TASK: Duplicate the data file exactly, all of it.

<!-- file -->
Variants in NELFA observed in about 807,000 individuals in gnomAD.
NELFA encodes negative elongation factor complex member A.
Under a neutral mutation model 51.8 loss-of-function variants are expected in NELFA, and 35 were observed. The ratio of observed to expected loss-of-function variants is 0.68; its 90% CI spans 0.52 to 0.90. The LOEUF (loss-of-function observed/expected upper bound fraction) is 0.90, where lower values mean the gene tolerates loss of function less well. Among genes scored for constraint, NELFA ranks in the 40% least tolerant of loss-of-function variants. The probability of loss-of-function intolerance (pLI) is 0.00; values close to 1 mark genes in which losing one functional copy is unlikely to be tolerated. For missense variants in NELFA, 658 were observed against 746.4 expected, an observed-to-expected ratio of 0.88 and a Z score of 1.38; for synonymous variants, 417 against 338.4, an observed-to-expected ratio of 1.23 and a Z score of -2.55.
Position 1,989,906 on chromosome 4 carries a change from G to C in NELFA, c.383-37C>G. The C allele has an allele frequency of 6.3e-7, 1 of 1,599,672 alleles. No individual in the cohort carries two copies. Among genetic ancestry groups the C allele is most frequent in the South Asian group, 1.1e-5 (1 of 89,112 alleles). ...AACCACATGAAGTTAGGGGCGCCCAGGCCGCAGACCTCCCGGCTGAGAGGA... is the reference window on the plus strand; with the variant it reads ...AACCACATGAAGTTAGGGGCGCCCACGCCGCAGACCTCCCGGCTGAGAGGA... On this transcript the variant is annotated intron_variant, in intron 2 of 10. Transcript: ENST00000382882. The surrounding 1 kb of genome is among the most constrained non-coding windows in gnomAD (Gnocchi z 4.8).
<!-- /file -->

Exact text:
Variants in NELFA observed in about 807,000 individuals in gnomAD.
NELFA encodes negative elongation factor complex member A.
Under a neutral mutation model 51.8 loss-of-function variants are expected in NELFA, and 35 were observed. The ratio of observed to expected loss-of-function variants is 0.68; its 90% CI spans 0.52 to 0.90. The LOEUF (loss-of-function observed/expected upper bound fraction) is 0.90, where lower values mean the gene tolerates loss of function less well. Among genes scored for constraint, NELFA ranks in the 40% least tolerant of loss-of-function variants. The probability of loss-of-function intolerance (pLI) is 0.00; values close to 1 mark genes in which losing one functional copy is unlikely to be tolerated. For missense variants in NELFA, 658 were observed against 746.4 expected, an observed-to-expected ratio of 0.88 and a Z score of 1.38; for synonymous variants, 417 against 338.4, an observed-to-expected ratio of 1.23 and a Z score of -2.55.
Position 1,989,906 on chromosome 4 carries a change from G to C in NELFA, c.383-37C>G. The C allele has an allele frequency of 6.3e-7, 1 of 1,599,672 alleles. No individual in the cohort carries two copies. Among genetic ancestry groups the C allele is most frequent in the South Asian group, 1.1e-5 (1 of 89,112 alleles). ...AACCACATGAAGTTAGGGGCGCCCAGGCCGCAGACCTCCCGGCTGAGAGGA... is the reference window on the plus strand; with the variant it reads ...AACCACATGAAGTTAGGGGCGCCCACGCCGCAGACCTCCCGGCTGAGAGGA... On this transcript the variant is annotated intron_variant, in intron 2 of 10. Transcript: ENST00000382882. The surrounding 1 kb of genome is among the most constrained non-coding windows in gnomAD (Gnocchi z 4.8).